|Year : 2017 | Volume
| Issue : 1 | Page : 1
Urgent need to revamp dental education curriculum
Govindool Sharaschandra Reddy
Discipline of Endodontology, Faculty of Dentistry, The University of Hong Kong, Hong Kong, China
|Date of Web Publication||6-Feb-2017|
Govindool Sharaschandra Reddy
Faculty of Dentistry, The University of Hong Kong, Hong Kong
Source of Support: None, Conflict of Interest: None
|How to cite this article:|
Reddy GS. Urgent need to revamp dental education curriculum. Adv Hum Biol 2017;7:1
Dentistry is fast changing in India at a pace not thought of by any visionary who had managed to convince the need to open numerous dental schools to overcome the shortage of dentists.
The need to change the pattern of dental education or the curriculum has never been thought of by the statutory body governing dental educational quality in India.
Cosmetic changes have time and again been imposed on dental schools in the form of acquiring newer materials or equipment with no guidelines for any training needs to be met by the managements of institutions to the staff who are in turn training hundreds of students every year.
The staff themselves are penalised by the system for choosing to be academicians in the form of requisites of academic research paper publication to be promoted, for which no support is either extended by the management of institutions nor the statutory body of the government asking for the same.
Given this scenario, there is a constant attrition of academicians either to private clinical practice in the country as termed 'Brain Waste' or migrating to foreign countries so termed 'Brain Drain'.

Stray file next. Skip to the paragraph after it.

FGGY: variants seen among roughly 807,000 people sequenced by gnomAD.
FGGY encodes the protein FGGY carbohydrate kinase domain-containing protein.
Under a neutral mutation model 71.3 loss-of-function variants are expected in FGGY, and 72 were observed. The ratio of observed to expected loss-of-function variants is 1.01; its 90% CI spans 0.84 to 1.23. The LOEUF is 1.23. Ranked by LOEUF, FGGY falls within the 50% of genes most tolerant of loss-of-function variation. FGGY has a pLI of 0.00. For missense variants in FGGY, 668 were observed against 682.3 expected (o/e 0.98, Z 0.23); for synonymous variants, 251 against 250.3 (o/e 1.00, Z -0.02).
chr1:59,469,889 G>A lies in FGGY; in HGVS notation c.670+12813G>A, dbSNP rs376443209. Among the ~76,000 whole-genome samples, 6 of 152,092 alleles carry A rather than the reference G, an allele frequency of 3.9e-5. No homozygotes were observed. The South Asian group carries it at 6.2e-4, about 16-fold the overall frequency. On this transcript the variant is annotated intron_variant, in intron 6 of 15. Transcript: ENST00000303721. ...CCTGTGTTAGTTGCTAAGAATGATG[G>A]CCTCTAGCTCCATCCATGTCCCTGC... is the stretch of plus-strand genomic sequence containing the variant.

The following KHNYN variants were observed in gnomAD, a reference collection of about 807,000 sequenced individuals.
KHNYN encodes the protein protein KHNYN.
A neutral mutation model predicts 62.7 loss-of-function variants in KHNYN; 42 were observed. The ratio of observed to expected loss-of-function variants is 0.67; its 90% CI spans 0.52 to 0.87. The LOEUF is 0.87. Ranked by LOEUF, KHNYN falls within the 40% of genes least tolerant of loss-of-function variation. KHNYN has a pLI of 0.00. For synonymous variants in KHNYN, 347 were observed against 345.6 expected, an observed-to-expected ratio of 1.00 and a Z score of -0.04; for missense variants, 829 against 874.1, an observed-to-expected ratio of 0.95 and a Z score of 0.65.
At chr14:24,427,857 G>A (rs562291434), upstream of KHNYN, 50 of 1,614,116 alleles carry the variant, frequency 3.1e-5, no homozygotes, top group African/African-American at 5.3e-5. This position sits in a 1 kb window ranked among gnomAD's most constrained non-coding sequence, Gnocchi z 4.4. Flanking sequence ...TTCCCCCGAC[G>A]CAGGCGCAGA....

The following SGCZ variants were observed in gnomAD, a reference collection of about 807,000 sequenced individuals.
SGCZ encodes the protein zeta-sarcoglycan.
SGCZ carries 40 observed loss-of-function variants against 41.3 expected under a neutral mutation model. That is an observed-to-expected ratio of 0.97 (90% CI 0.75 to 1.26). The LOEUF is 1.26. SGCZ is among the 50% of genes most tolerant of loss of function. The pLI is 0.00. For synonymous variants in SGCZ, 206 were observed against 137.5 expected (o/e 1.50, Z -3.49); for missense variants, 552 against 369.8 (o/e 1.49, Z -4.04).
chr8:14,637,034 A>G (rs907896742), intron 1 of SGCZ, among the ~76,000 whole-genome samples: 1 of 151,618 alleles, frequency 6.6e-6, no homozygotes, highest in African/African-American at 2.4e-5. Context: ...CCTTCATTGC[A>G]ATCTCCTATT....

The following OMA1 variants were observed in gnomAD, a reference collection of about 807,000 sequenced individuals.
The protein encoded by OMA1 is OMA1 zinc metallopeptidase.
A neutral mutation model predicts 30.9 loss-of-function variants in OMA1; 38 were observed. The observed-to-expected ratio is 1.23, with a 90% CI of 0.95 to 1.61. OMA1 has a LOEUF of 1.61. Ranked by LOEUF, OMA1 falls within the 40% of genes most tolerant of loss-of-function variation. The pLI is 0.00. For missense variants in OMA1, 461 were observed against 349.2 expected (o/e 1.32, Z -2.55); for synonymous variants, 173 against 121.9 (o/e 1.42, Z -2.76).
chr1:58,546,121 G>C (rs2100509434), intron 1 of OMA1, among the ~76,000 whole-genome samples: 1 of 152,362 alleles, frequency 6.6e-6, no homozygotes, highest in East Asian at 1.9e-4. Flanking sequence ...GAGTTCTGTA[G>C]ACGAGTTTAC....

The confidence levels in the profession of our country have never been this low thanks to the radical policies implemented so far.
Youngsters who have just graduated from their bachelors do not even want to continue their higher education in dentistry and are looking for other options, so the very purpose of the so-called needs of dental surgeons has been defeated.
What is making them so in confident in the profession?
First and foremost our dental education standards are among the lowest in the world if compared to achievements in other fields in the country. Students are not able to crack dental entrance examination for the masters and those who can are opting to clear licensing board examination that allow them to practice abroad or examinations that allow them to pursue higher education abroad.
This is a serious understatement when it comes to the quality of research that is being done during the masters in our country. Every academician I have spoken to has confessed to the facts that there is a serious lack of training to both the teacher and the students taught by them with regards to biostatistics, research methodologies, research techniques and last but not the least, the most important - research ethics.
No university that I know of has anti-plagiarism software that is being used by researchers and students alike to evaluate their work before submitting to the university or for publication.
We need to ask ourselves of what we have come to being the country with the largest pool of underrated dentists or can this be changed to bring optimism to the few flag bearers in the academic section of the profession to look forward to brighter days ahead.